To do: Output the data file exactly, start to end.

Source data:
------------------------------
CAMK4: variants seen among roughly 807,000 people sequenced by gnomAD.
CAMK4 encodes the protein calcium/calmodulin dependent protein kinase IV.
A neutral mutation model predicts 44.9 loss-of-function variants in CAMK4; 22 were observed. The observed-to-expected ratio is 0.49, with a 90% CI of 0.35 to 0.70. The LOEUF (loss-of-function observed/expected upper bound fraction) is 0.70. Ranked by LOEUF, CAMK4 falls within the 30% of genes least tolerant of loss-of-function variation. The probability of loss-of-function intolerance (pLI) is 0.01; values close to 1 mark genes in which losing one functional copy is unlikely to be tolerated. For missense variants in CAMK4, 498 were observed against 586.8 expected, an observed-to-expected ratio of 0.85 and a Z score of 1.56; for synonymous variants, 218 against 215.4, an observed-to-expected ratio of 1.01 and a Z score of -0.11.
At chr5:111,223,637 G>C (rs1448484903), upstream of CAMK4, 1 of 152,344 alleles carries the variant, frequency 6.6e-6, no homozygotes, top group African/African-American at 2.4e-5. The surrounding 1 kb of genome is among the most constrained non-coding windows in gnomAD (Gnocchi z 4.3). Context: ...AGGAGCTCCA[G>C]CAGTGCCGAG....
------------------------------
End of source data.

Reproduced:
CAMK4: variants seen among roughly 807,000 people sequenced by gnomAD.
CAMK4 encodes the protein calcium/calmodulin dependent protein kinase IV.
A neutral mutation model predicts 44.9 loss-of-function variants in CAMK4; 22 were observed. The observed-to-expected ratio is 0.49, with a 90% CI of 0.35 to 0.70. The LOEUF (loss-of-function observed/expected upper bound fraction) is 0.70. Ranked by LOEUF, CAMK4 falls within the 30% of genes least tolerant of loss-of-function variation. The probability of loss-of-function intolerance (pLI) is 0.01; values close to 1 mark genes in which losing one functional copy is unlikely to be tolerated. For missense variants in CAMK4, 498 were observed against 586.8 expected, an observed-to-expected ratio of 0.85 and a Z score of 1.56; for synonymous variants, 218 against 215.4, an observed-to-expected ratio of 1.01 and a Z score of -0.11.
At chr5:111,223,637 G>C (rs1448484903), upstream of CAMK4, 1 of 152,344 alleles carries the variant, frequency 6.6e-6, no homozygotes, top group African/African-American at 2.4e-5. The surrounding 1 kb of genome is among the most constrained non-coding windows in gnomAD (Gnocchi z 4.3). Context: ...AGGAGCTCCA[G>C]CAGTGCCGAG....